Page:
2.3. Problems

Generally speaking, the solution to any problems usually lies in making sure the plant has satisfactory growing conditions, as outlined above; removing any dead or diseased growth; and possibly in spraying with a fungicide and/or insecticide. Normally making sure the plant has food, water, light, air and shelter, possibly including moving it to a different site, will cure any problems.

  • Pests

    Not many things eat box. Rabbits and deer will only consume buxus if no other food is available. In practice this means that box is not eaten by large animals.

    Sometimes small insects attack the leaves. These may be leaf burrowing or scale forming creatures. These insects are best controlled by removing badly effected branches and/or spraying around May, when the leaves are soft and the insects are susceptible to spraying.

  • Diseases

    There are various, generally fungus related, diseases that can affect buxus plants, especially where the growing conditions are not ideal (eg too dry or water-logged soil, or too dense foliage).

    The best way to control any of these diseases is generally to improve the growing conditions as much as possible (see above), remove any badly affected branches, and to spray with a fungicide if a fungus infection is a possibility (eg if the leaves are going brown or black, or falling off).

  • Brown/Coppery Leaves

    Box plant leaves will go a coppery brown colour if the plant is short of nutrients, or if it is exposed to very cold winds, or to prolonged frosty weather.

    One of the commonest problems with box topiary in containers in the UK seems to be the leaves going brown or coppery after a few months to three years, because all the nutrients have been leached from the compost and no feed has ever been added to the pot. This difficulty is very easily rectified by adding some fertilizer (see Food above), and the brown leaves will become green again within a few weeks.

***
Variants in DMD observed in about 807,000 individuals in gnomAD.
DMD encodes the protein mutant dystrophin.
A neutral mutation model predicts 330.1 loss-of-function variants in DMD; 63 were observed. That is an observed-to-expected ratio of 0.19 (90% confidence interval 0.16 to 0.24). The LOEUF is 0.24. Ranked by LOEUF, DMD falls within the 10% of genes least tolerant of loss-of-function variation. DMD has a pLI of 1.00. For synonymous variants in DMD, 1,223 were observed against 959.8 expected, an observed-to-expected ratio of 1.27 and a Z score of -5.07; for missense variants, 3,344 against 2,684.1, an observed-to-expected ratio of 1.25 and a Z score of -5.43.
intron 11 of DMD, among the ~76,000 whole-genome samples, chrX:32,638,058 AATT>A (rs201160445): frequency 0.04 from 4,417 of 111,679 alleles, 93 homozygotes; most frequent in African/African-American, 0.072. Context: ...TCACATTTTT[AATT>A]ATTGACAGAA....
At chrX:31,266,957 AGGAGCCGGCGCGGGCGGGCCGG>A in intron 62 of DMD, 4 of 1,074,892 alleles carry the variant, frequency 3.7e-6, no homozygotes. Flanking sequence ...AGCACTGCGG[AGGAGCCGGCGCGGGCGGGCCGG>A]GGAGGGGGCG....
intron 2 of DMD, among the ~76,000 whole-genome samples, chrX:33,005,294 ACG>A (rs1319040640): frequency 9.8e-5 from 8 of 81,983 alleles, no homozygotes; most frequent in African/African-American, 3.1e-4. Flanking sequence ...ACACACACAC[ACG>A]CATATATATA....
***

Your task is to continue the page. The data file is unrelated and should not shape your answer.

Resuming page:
Brown leaves due to cold winds and/or hard frost are common in countries with colder winters than most of the UK (eg the mountainous and central parts of Europe and much of the USA). The leaves turn green again as the weather warms up in Spring.

  • Cream/Yellow Tipped/Edged Leaves

    If a buxus plant is unhappy, it usually makes this known through the colour of its leaves. White, cream or yellow tips or borders to the leaves are a common sign of stress, especially in young recently transplanted plants and pot-bound older plants. The leaves will become uniform green again when the growing conditions improve or are improved.

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3. Making Box Topiary

When starting with a small un-trimmed box plant, the initial aim should be grow a bigger plant; then to make it approximately the right shape; and finally to mould the finished topiary shape.